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If $$g(x) = x^4 + x^3$$

From my understanding, the degree of the above polynomial i.e. $g(x)$ is 4. However, for this polynomial, $$f(x) = (x-1)(x-2) \cdots (x-p+1)$$

What degree does $f(x)$ have? My guess was, by plug in $p = 3$, I have $f(x) = (x-1)(x-2)$, so this is polynomial of degree $p - 1$? Any idea?

Note where $p$ is prime

Thanks,

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1  
$(x-p+1)=(x-(p-1))$, so yes. –  quantumelixir Apr 18 '11 at 17:50
    
Where do you get that $f(x) = (x-1)(x-2)\cdots(x-p+1)$? Are you talking about values of the polynomial modulo some prime? Which prime? The equation is false as written if you refer to the same polynomial, unless $p$ is something very specific. This is rather badly written. –  Arturo Magidin Apr 18 '11 at 17:52
    
@Arturo Magidin: The original problem asked to prove that each coefficient of that polynomial divides $p$, where $p$ is prime. I asked how to get the coefficient before, but I was stuck with that idea. Yesterday, when I read the book, it said each coefficient must divide every prime $p$ if and only if the number of roots is greater than the degree of the polynomial. Now I'm a bit confused because seemed like the question was wrong. Clearly, the number of roots of $f(x)$ is p-1 and its degree is also $p-1$. –  Chan Apr 18 '11 at 18:02
    
@Chan: You (mis)quote out of context, so I cannot comment. What is "that polynomial"? Is it $(x-1)(x-2)\cdots(x-p+1)$? Is it $x^4+x^3$? What is $p$? What book? What did it say, exactly? What you provide only confuses the issue more. –  Arturo Magidin Apr 18 '11 at 18:11
    
@Arturo Magidin: The $x^4 + x^3$ is my own make-up polynomial, to state what I understood about the degree of the polynomial. The $(x-1)(x-2) \cdots (x-p+1)$ is the one that I want to know the degree. $p$ is a prime as I edited. It was not actually in any book, it was from my lecture notes. I will post the exact text later. I really apologize for the confusion, sometimes I'm even confused what I should ask because I don't know exactly what should have been proven. Thank you. –  Chan Apr 18 '11 at 18:29

3 Answers 3

up vote 6 down vote accepted

There are $(p-1)$ factors, so the leading coefficient will be $x^{p-1}$, and hence the degree is indeed $p-1$.

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Thanks a lot. –  Chan Apr 18 '11 at 18:04

As a more general guideline, for 'formal' (univariate) polynomials and polynomials over $\mathbb{R}$:

  • The sum of a polynomial of degree $m$ and a polynomial of degree $n$ is a polynomial of degree no more than $\max(m,n)$ (but be aware that it can be less than this if $m=n$; for instance, consider the sum of $p(x) = x^3-2x^2+x+1$ and $q(x) = -x^3+2x^2+x+1$.)
  • Multiplying by a (non-zero) scalar doesn't change the degree of a polynomial; the degree of $4p(x)$ is the same as the degree of $p(x)$ for any polynomial $p$.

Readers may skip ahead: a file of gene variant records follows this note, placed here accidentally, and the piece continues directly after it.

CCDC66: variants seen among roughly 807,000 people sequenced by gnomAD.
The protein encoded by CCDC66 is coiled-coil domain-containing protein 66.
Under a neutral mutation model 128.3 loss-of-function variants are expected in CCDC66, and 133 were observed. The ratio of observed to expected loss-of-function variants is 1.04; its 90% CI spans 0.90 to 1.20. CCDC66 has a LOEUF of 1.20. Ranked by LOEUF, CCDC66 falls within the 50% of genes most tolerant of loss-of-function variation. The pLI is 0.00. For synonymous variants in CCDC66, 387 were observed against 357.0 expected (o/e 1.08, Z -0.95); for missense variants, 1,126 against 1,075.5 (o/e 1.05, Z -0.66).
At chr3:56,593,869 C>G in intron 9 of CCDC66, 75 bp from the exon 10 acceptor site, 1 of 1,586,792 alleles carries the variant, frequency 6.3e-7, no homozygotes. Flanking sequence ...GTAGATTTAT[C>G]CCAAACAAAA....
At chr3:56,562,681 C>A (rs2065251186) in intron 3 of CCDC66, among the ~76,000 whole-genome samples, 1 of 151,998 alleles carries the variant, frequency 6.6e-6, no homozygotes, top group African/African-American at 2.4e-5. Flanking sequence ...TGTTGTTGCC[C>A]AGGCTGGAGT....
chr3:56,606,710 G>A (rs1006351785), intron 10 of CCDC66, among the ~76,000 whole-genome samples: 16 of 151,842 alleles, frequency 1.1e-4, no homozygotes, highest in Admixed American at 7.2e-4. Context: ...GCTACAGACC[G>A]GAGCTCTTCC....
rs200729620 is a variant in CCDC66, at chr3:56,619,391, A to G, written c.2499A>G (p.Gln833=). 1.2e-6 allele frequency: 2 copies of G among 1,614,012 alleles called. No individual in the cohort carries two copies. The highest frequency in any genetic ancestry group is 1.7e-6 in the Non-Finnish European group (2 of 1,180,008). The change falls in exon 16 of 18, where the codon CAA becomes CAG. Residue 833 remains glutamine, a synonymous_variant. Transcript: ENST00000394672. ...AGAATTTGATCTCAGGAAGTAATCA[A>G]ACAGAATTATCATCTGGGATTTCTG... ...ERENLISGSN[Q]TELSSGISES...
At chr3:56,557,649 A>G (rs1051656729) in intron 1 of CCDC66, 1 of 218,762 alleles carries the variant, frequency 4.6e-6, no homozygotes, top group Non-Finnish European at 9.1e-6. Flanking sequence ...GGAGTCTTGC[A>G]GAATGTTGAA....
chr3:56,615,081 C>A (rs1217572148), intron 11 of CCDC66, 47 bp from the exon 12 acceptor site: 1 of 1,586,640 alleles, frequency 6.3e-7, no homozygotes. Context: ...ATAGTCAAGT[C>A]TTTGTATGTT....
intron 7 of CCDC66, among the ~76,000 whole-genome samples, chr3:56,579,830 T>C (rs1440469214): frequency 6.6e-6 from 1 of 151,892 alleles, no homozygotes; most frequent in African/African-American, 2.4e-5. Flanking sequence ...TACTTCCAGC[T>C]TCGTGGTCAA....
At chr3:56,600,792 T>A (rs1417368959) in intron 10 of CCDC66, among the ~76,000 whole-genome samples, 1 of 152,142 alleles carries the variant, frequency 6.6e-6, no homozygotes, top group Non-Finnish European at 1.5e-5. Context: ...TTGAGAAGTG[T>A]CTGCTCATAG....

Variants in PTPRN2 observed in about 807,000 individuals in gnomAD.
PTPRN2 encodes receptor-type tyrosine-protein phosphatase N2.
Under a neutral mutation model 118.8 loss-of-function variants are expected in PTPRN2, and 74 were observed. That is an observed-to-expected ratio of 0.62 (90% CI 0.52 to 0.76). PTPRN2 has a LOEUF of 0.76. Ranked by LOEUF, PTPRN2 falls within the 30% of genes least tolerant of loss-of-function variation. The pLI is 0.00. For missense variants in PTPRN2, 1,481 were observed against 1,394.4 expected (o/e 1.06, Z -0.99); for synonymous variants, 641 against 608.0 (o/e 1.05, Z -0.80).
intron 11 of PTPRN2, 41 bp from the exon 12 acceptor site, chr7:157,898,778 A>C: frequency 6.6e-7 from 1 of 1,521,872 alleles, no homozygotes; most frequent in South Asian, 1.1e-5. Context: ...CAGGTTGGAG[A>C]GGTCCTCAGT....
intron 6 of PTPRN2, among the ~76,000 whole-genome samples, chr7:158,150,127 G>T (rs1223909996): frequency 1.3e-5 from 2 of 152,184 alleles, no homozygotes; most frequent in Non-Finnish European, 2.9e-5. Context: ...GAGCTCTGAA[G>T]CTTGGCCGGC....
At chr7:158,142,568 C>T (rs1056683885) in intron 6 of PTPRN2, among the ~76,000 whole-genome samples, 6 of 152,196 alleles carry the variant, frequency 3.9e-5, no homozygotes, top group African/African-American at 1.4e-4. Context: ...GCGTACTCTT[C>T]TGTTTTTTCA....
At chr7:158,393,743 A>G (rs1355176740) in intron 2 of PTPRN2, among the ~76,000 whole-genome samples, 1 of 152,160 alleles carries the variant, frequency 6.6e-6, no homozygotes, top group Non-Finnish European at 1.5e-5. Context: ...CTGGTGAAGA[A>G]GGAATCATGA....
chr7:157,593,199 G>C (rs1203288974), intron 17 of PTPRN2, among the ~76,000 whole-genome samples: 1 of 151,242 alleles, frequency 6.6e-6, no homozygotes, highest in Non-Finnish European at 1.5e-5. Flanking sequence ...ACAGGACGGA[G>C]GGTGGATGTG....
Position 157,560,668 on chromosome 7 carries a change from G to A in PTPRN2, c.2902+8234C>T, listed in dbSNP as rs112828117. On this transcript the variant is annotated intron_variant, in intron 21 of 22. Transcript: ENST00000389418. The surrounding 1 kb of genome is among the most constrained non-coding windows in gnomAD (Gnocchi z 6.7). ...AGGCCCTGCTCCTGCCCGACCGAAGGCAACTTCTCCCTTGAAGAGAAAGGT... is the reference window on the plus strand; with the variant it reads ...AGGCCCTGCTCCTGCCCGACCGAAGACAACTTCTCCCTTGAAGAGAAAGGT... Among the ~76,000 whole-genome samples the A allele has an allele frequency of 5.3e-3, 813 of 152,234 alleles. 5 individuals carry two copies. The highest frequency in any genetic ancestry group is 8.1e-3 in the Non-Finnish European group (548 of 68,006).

• The product of a polynomial of degree $m$ and a polynomial of degree $n$ is a polynomial of degree exactly $m+n$ (notice how this differs from the result for sums, since no cancellation of the top-order term can happen in a product)

The last case is the one that applies to your problem; you're taking the product of $p-1$ polynomials each of degree $1$, so the degree of the result is just the sum of $p-1$ copies of $1$ - that is, $p-1$.

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I thought I would try to answer a question raised by your comment. A version of the following lemma is true in any field, but I will formulate it for the integers modulo $p$.

Lemma Let $P(x)$ and $Q(x)$ be monic (lead coefficient $1$) polynomials of degree $d$. If $P(a) \equiv Q(a) \pmod{p}$ for $d$ incongruent numbers $a$, then the corresponding coefficients of the two polynomials are congruent modulo $p$.

Now look at the two polynomials $P(x)=(x-1)(x-2)\cdots(x-p+1)$ and $Q(x)=x^{p-1}-1$. They are both monic of degree $p-1$. Clearly $P(a) \equiv 0$ for $a=1,2,\dots,p-1$. Also, $Q(a)\equiv 0$ at the same places, by Fermat's Theorem.

So corresponding coefficients are congruent to each other. Note in particular that if $p$ is an odd prime, then the constant term of $P$ is $(p-1)!$. The constant term of $Q$ is $-1$, and we conclude that $(p-1)! \equiv -1 \pmod{p}$, Wilson's Theorem! Take any other coefficient of $P$ except the coefficient of $x^{p-1}$. The corresponding coefficient in $Q$ is $0$, which tells us that all the coefficients of $P$ are congruent to $0$ except for the first and the last.

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@user6312: Many thanks for your answer. By the way, there was a typo in your post, it should be $(p-1)! \equiv -1 \pmod{p}$. –  Chan Apr 19 '11 at 5:50
    
@Chan: Thank you, I am typo-prone, find it hard to proofread on screen, and don't have a printer at home. The typo is fixed. –  André Nicolas Apr 19 '11 at 6:00

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